JustCite have made a few useful innovations:- a ‘golden arrow’ highlights the most authoritative law report, and an ‘information icon’ links directly to the Cardiff Index. Also, citations are shown in context, displaying the relevant paragraph from the law report.  Dexter also explained that JustCite have a team of legal editors, who add all citation links by hand.  They are more selective than automated citation services, and only add those of legal significance.  

Justis (a full-text product we do not subscribe to) has acquired the full-text reported and unreported judgments of the civil (1951-) and criminal (1963-) divisions of the Court of Appeal.  Justis enables better keyword searching, and users with personal logins can create current awareness alerts.

Simon finished the talk by showing an early prototype of ‘JustCite for Word’, a legal citation checking service (similar to Lexis Check).  The service allows you to check the authority of cases, to standardise citation formats, and create tables of authority.  I think it would be a useful tool for academics updating teaching materials. Given the technology, I asked if JustCite would be able to develop their product to enable export of citation information from JustCite to RefWorks and EndNote (a subject dear to my heart).  Fingers crossed!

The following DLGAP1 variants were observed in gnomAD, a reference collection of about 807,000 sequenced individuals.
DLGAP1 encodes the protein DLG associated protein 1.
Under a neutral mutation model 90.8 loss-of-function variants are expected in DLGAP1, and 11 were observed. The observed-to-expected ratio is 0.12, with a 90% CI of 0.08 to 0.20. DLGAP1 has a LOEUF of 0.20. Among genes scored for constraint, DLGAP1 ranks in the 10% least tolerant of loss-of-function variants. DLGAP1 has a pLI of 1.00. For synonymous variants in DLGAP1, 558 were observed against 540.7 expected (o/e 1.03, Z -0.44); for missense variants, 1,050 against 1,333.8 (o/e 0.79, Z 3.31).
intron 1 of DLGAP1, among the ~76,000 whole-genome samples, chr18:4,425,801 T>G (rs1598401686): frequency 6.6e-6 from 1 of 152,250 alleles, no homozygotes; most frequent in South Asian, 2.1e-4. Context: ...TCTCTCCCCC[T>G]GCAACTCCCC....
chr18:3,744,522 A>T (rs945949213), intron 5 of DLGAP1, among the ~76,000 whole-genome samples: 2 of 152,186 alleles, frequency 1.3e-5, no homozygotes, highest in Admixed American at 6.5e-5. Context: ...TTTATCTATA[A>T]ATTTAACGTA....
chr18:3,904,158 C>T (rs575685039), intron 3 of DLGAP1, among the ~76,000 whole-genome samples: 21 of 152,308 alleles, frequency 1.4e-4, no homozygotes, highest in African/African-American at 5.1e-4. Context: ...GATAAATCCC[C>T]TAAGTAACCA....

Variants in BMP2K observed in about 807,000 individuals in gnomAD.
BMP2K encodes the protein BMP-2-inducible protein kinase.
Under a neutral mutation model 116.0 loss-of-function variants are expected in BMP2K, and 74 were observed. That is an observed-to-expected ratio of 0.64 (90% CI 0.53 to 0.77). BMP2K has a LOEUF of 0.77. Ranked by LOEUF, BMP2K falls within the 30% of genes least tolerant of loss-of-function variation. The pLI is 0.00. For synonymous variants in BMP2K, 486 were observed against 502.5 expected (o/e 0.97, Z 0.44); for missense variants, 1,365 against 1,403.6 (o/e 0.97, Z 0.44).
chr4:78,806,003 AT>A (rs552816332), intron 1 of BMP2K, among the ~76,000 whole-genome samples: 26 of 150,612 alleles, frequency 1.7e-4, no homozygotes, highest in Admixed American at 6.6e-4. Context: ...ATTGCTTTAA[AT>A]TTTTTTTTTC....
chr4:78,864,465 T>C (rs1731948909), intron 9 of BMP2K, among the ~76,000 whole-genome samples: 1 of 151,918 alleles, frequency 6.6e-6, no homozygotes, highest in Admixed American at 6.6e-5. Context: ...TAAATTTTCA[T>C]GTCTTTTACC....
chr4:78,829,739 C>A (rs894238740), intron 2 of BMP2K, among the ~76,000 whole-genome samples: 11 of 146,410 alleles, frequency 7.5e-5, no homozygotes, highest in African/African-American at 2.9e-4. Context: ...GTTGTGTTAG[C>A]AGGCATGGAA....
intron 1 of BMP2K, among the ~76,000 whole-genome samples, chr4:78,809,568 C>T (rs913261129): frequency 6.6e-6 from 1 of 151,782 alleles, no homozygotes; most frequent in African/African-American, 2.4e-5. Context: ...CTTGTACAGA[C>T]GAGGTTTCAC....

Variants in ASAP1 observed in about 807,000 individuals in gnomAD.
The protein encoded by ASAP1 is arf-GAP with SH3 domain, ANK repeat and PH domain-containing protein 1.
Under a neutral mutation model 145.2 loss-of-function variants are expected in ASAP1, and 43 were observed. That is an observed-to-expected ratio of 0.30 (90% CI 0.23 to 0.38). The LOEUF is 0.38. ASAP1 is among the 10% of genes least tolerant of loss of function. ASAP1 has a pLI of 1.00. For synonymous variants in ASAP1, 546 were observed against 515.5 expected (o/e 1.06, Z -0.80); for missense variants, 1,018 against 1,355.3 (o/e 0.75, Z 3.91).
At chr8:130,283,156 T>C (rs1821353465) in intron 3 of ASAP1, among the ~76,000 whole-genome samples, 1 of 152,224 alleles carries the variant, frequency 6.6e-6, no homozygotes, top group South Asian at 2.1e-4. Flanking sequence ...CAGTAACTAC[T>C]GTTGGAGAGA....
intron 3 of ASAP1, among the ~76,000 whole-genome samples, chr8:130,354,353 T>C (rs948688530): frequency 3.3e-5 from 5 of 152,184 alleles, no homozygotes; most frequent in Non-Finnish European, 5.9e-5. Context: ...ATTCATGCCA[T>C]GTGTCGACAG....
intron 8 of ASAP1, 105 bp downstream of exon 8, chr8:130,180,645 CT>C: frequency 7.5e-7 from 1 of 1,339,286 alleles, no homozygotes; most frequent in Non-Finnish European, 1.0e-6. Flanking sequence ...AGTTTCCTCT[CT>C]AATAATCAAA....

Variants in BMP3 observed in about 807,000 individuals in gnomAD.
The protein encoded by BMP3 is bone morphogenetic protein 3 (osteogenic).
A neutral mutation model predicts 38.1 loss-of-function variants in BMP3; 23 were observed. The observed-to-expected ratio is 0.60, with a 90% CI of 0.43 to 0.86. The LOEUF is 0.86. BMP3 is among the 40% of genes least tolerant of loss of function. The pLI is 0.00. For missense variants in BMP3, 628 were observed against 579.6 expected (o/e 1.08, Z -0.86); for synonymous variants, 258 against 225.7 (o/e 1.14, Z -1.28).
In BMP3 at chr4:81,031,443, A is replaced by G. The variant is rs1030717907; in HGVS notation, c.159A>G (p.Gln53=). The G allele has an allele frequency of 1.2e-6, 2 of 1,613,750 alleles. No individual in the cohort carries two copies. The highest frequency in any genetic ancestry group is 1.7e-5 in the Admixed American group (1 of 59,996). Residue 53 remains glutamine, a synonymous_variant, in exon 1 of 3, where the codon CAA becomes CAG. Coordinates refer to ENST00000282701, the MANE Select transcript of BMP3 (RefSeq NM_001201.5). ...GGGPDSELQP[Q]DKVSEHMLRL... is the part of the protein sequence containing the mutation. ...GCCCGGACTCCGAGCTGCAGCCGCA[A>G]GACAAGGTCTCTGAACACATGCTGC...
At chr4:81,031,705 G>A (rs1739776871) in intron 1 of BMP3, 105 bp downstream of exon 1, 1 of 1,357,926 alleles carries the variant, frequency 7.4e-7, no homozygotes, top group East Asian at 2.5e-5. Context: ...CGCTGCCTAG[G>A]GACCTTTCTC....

After the demonstration, the main business of the meeting was a discussion about training opportunities for law librarians.  I found myself talking about increased student contact time, innovative teaching methods in lectures, and massive open online courses (MOOCs).  There was also discussion about the use of technology to deliver training at a distance.

JustCite were kind enough to treat us to lunch at the Living Room, and what a treat it was!  Teriyaki chicken skewers with satay sauce, and steak frites with salad, all washed down with a chilled glass of white wine.  We were joined for lunch by the legend that is Mr Brian Marshall – who managed to fit us in between games of golf …! 

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LILAC 2013

Posted by sarahw9 on 26 March, 2013

I was lucky enough to attend this years LILAC (Librarians’ Information Literacy Annual Conference) this Monday.  Here is my summary of the sesssions I attended. 

Location of LILAC 2013